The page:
Polar Bear – Largest land carnivore

Polar Bear – Largest land carnivore


Polar bear’s zoological name is Ursus maritimus, which means “sea bear”. Polar bears are restricted to icy Arctic region where temperature falls as low as -50°C. They are well adapted to the freezing temperatures, which restricts them to the circumpolar region where 19 populations exist. Over forty percent of polar bears live in the north of Canada.

Polar bears have the distinction of being the largest land carnivores. Adults are about 8 ft long and weigh 300-700 kg, larger than the fearsome grizzly bear. Fifty percent of body weight is due to fat and blubber that makes 10 cm thick layer under their blackish skin.

Polar bear’s whitish fur is extremely dense, oil coated and water repellent, so much so that water does not reach the skin even when they are swimming in sea. Each hair is transparent with a hollow core that refracts and reflects visible light to make the fur appear snow white.

Polar bear paws measure up to 12 inches and have fur and foot pads with papillae on the soles that help distribute weight of body over larger area and to get firm grip on the slippery ice surface. Polar bear claws are two inches long, curved, sharp and strong to prevent slipping on ice and to help in climbing over icy slopes.

Swimming

Polar bears are strong swimmers and divers which enables them to swim from one iceberg to another and to hunt seals in sea. They can also swim underneath ice sheet in search of food. Polar bears can swim continuously for hundreds of kms at speeds of about 10 km/hr. They are known to be the only terrestrial animals to be very comfortable in the sea, often covering long distances with ease helped by their fatty body and waterproof fur. There are instances of polar bears covering marathon 400 km by swimming continuously for several days without finding a resting place. These long journeys enable bears to reach long distances via the sea route.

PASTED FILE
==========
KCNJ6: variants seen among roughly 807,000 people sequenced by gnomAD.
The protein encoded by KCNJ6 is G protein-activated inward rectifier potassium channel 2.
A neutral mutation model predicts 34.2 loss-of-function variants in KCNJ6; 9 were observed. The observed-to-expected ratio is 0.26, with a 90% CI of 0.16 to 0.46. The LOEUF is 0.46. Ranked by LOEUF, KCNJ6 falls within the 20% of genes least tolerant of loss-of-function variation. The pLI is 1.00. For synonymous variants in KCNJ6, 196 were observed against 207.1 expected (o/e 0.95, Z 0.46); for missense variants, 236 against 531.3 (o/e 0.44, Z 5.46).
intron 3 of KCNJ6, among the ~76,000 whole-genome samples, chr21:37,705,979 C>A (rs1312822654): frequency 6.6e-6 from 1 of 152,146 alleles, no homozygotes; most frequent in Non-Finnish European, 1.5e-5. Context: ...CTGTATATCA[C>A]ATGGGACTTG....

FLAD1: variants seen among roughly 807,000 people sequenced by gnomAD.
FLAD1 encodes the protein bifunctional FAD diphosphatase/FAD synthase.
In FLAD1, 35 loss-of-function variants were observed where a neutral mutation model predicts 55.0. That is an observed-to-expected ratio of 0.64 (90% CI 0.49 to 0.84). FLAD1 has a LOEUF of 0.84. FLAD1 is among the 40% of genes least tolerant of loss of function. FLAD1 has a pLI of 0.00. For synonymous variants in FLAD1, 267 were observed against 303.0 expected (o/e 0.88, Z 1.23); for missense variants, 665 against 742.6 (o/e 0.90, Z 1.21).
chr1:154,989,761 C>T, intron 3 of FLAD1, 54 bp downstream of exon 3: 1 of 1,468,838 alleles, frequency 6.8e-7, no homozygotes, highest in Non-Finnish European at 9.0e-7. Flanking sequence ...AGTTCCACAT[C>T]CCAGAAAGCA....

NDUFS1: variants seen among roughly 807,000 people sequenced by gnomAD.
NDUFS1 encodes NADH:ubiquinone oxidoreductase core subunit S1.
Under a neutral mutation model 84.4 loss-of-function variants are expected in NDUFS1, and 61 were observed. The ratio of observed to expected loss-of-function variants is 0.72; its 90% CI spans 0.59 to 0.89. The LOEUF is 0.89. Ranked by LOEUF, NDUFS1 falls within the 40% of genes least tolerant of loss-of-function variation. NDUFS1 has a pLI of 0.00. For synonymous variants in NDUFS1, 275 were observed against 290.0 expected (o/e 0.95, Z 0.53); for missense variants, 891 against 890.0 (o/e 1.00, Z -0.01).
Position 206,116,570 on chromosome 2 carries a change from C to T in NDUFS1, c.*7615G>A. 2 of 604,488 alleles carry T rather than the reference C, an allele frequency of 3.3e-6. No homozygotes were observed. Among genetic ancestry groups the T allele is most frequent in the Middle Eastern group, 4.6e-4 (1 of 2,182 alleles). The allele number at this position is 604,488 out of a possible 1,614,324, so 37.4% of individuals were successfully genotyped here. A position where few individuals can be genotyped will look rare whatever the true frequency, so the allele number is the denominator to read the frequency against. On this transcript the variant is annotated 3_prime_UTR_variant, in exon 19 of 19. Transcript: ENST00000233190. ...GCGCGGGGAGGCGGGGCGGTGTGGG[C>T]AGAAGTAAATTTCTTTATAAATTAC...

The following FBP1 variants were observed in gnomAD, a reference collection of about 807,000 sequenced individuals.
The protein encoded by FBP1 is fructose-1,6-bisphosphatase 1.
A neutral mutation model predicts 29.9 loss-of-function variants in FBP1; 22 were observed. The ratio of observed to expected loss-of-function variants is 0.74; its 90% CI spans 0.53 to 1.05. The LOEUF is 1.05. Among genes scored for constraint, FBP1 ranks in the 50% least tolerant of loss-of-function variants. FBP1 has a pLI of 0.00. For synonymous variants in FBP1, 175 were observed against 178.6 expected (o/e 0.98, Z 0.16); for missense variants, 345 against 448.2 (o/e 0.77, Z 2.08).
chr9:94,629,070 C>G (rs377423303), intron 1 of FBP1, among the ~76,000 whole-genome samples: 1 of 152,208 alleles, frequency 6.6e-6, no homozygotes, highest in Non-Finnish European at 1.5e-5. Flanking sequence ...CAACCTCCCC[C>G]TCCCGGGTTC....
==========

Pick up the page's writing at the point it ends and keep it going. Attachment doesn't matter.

Hibernation.

Polar bears do not hibernate in true sense in dens like the brown and black bears do. Instead they remain active throughout winter in spite of freezing cold. However, pregnant females dig a protective den in snow where they give birth to 2-3 cubs in November- December. During denning cubs subsist on mother’s milk and mother on her fat reserves. They remain in the den for about three months, safe and protected from the cold and wind. Mother bears do not enter deep hibernation because they need to maintain higher body temperature in order to meet the demands of pregnancy, birth, and nursing. Polar bear families generally emerge from their dens in March-April when the cubs are strong enough to survive outside.

Hunting.

Polar bears hunt their favourite prey, the seals while they are basking in the sun or through the breathing holes made by them in the ice sheet. They also eat plants and berries and also hunt fish and other animals. They also act as scavengers of dead whales, walrus or fish. Generally they consume skin and fat of the prey in order to accumulate reserve fat in the body. No other animal can eat and digest such fat-rich diet as do these bears.




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